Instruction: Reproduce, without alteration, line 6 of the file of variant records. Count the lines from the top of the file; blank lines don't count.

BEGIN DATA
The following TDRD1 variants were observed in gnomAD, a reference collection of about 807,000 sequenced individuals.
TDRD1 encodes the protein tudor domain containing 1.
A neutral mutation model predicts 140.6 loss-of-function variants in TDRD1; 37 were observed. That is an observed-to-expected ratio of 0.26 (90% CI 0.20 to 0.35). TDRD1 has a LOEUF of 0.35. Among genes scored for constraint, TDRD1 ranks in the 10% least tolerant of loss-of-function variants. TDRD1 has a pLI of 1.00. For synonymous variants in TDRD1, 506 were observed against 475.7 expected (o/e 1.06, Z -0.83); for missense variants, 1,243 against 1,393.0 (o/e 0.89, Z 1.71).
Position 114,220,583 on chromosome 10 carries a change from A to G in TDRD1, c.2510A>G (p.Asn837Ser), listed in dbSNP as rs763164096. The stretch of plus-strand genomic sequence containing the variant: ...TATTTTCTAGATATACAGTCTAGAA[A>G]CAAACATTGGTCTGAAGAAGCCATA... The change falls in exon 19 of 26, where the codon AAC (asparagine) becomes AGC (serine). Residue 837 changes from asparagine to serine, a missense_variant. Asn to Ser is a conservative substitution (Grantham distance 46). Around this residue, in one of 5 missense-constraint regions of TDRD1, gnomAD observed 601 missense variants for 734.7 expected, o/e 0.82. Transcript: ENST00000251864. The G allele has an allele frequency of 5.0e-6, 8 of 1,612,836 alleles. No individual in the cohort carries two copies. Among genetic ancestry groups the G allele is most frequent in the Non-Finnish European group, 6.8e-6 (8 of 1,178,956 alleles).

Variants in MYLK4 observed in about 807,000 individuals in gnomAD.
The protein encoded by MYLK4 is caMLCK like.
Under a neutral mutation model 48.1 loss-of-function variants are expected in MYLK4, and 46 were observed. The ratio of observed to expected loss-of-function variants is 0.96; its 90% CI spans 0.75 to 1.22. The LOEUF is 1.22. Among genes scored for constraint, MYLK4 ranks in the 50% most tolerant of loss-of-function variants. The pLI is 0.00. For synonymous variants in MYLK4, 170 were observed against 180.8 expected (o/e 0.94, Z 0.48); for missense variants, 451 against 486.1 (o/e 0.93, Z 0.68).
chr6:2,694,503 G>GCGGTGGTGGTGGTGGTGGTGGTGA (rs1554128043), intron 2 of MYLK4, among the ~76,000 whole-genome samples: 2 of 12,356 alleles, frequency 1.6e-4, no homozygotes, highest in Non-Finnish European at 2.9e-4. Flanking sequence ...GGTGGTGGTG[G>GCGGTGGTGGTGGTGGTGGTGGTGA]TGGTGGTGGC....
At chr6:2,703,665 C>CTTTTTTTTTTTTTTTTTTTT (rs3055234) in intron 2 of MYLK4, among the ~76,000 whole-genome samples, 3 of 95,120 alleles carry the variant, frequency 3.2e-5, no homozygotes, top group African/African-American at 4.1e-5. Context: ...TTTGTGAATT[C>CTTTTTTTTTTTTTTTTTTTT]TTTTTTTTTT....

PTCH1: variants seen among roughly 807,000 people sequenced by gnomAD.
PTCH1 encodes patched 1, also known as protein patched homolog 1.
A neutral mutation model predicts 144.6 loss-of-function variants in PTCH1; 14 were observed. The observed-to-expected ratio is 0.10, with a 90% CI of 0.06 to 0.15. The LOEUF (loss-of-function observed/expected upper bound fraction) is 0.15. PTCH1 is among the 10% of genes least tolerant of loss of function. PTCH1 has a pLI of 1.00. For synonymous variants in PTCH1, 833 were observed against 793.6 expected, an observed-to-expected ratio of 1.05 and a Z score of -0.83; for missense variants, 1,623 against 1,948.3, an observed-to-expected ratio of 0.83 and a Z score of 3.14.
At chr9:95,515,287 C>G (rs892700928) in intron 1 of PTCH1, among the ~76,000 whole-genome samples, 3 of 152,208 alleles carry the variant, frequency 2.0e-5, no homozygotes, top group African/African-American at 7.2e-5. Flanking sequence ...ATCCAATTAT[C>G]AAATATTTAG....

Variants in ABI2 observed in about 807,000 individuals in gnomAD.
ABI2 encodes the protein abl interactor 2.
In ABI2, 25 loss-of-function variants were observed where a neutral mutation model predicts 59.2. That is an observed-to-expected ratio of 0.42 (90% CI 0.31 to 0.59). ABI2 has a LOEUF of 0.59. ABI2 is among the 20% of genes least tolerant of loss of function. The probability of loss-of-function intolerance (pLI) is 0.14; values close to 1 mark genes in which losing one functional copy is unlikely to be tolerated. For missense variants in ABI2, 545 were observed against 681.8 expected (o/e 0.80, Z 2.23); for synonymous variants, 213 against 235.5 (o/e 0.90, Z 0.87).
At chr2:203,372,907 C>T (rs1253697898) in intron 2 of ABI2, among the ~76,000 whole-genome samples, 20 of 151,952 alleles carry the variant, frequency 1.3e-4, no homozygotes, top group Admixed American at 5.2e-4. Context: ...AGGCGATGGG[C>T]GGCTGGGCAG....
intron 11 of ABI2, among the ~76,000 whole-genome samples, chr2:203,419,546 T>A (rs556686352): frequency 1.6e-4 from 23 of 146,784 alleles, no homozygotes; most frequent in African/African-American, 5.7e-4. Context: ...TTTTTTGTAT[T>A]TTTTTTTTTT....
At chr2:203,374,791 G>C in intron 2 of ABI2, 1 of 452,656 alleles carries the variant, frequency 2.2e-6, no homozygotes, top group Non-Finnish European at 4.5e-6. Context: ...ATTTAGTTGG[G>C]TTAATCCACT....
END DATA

The protein encoded by MYLK4 is caMLCK like.